Engineering students at Oklahoma State University designed drones that may someday collect new data about tornadoes, helping public safety agencies more accurately predict and plan for disaster. A giant tornado, at least one mile wide, wiped out neighborhoods as it moved through Oklahoma on Monday, May 20. While the student designs are only in the preliminary planning stage, with no firm schedule to move forward, the university’s Department of Mechanical and Aerospace Engineering is negotiating with its partners to settle on a possible multi-year project that could change tornado science and ultimately save lives.

The project, whose partners include the University of Colorado at Boulder, the University of Kentucky, Virginia Tech and the University of Oklahoma, now has several active drone projects in addition to the tornado project. A lot of their drone research is funded by the Department of Defense, said Oklahoma State University Professor Jamey Jacob, but there are a lot of applications for the use of drones in civilian airspace, too.

His school hopes to collaborate with the National Weather Center at the University of Oklahoma to continue development of these types of projects.

Before the giant tornado struck, storm chasers estimated the starting location of the tornado but their estimations were off by tens of miles, Jacob said. But although their predictions were wrong, the storm chasers didn’t make a mistake. There’s just a lot of missing information when it comes to tornadoes. In fact, about 70 percent of tornado warnings are false alarms, Jacob said. While there is information available about the initial rotation of a tornado, weather modelers still need more information regarding the initial conditions that snap a tornado into forming.

Traditional methods of gathering data from tornadoes include things like the use of Doppler radar, which provides data on moisture levels and some other pieces of the equation, but other measurements, such as temperature gradients and pressure levels inside tornadoes remain unknown. Exactly why and when tornadoes form is still a big question, which is why this drone project could be useful, he said. “Whether there’s a magic key in there, in what would be present in meteorological or thermodynamic data, we don’t know yet simply because we don’t have those type of measurements,” he said.

Photo caption: This drone, named Talos, is currently being tested for search and rescue, and border patrol for the Department of Homeland Security Borders competition. The aircraft was designed and built by a team of five aerospace engineering graduate students from the Oklahoma State University Department of Mechanical and Aerospace Engineering, led by PhD candidate Thomas Hays.

The student designs were required to meet several needs that would make the designs practical for use in a storm. The drones needed the capability to take off from a typical road, fit inside a standard flat-bed trailer, lift off and fly in 22 mph winds, withstand gusts of 28 mph, fly for at least four hours at 5,000 feet without needing to refuel, and carry at least one deployable data-gathering device into a weather system. The data-gathering devices, called dropsondes, are cylinders filled with sensors, that are designed to be dropped into storms and begin collecting data. It’s that data that could fill the gaps in knowledge when it comes to tornadoes, Jacob said.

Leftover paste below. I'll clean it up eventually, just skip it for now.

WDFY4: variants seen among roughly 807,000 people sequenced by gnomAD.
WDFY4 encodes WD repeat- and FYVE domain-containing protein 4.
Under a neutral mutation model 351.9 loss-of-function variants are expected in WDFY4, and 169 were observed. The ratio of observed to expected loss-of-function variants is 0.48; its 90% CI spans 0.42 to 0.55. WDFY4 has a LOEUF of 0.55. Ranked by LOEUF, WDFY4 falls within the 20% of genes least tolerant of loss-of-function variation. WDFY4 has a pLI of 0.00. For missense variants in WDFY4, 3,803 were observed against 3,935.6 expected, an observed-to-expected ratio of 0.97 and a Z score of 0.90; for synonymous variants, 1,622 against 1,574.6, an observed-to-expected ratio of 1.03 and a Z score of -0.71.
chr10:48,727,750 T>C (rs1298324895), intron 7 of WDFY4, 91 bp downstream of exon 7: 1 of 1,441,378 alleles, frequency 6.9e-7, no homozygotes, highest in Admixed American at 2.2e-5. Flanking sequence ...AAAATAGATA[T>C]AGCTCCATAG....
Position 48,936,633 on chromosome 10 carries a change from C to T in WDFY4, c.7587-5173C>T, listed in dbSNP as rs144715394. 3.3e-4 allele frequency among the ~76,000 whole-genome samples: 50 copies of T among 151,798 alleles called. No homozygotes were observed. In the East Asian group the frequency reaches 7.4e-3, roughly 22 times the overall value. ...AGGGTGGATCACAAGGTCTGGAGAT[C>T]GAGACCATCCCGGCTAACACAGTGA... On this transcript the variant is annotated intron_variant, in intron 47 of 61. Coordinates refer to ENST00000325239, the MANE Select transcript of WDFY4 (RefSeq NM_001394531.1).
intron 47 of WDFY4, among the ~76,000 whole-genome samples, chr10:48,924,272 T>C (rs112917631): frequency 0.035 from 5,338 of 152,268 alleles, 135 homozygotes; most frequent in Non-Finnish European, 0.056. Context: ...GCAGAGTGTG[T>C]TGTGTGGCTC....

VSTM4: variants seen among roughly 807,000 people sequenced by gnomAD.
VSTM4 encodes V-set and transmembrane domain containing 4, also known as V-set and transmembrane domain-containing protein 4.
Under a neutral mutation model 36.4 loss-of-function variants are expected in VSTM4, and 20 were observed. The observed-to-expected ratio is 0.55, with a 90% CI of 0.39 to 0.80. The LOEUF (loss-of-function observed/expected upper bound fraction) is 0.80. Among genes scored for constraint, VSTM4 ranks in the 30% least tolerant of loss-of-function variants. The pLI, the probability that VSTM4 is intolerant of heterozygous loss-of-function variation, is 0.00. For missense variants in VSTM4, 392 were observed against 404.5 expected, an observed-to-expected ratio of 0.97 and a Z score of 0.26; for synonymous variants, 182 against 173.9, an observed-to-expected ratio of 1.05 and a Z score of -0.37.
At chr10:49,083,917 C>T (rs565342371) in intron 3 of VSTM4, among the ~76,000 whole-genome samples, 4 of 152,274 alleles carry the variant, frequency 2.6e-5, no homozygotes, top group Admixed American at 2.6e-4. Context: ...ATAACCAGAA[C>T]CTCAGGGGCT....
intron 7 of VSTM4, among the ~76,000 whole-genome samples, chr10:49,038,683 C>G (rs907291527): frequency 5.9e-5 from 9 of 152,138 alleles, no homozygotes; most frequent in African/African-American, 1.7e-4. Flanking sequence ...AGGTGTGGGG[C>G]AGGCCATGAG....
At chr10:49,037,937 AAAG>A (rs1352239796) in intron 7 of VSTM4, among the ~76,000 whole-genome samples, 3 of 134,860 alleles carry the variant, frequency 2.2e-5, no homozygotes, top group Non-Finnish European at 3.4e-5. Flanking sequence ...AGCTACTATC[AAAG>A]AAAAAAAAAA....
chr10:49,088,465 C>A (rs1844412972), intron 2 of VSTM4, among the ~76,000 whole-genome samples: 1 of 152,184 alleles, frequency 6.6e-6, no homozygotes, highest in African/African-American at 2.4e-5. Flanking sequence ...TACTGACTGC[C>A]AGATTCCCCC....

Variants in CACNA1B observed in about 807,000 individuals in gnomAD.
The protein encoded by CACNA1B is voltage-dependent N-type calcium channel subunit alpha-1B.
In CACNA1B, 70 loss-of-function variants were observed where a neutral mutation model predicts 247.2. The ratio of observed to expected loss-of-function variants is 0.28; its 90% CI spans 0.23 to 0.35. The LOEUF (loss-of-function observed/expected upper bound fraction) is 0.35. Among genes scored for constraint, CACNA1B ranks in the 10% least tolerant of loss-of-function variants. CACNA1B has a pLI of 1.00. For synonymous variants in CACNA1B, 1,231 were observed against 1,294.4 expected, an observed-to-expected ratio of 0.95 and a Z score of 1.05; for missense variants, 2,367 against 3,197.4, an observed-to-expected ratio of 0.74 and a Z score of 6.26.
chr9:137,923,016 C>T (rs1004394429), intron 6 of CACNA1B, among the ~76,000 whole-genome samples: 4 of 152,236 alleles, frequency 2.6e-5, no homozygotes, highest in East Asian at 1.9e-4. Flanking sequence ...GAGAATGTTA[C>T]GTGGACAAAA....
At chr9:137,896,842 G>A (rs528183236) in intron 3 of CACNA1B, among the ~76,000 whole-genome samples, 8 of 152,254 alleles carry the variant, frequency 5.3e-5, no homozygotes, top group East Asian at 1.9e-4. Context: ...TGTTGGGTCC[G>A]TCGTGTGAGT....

The student designs are the first step, Jacob said, and the next step would be to redesign the drone so a prototype could be manufactured. While proposals around the future of the project are still being evaluated, one possibility, Jacob said, is to retrofit an existing drone used for fire surveillance to collect storm data. A storm drone could also be equipped with other equipment, such as a thermal imaging camera, and be flown before, during and after a storm to gather data and assist with search and rescue efforts.

The cost to build a prototype storm drone is between $25,000 and $100,000, Jacob said, which is comparable to many existing drones on the market today. But cost is typically not the main concern when it comes to drones. Drone functionality and regulation are still both nascent. Drone regulation requires that a person or agency using a drone as a tool first obtain written authorization to launch their craft, a process that can be tedious and time-consuming.

Ultimately the goal behind using drones to collect data, Jacob said, is to fill gaps in meteorological knowledge that could give scientists better information about storms and allow people to prepare for disaster. It’s not guaranteed, but this technology could save lives when the next tornado hits.

“Our best-case scenario would be to put vehicles in the hands of end-users – forecasters, meteorologists, weather service, those doing research in storm systems and also first responders,” Jacob said. “It’s really important that you’re able to have something in the hands of the police and firefighters who are doing the search and rescue missions post-disaster.”

Tornado photo from Shutterstock.

*Editor's Note: Small changes made for clarity on May 22, 2013.

Colin Wood  |  Staff Writer

Colin has been writing for Government Technology since 2010. He lives in Seattle with his wife and their dog. He can be reached at cwood@govtech.com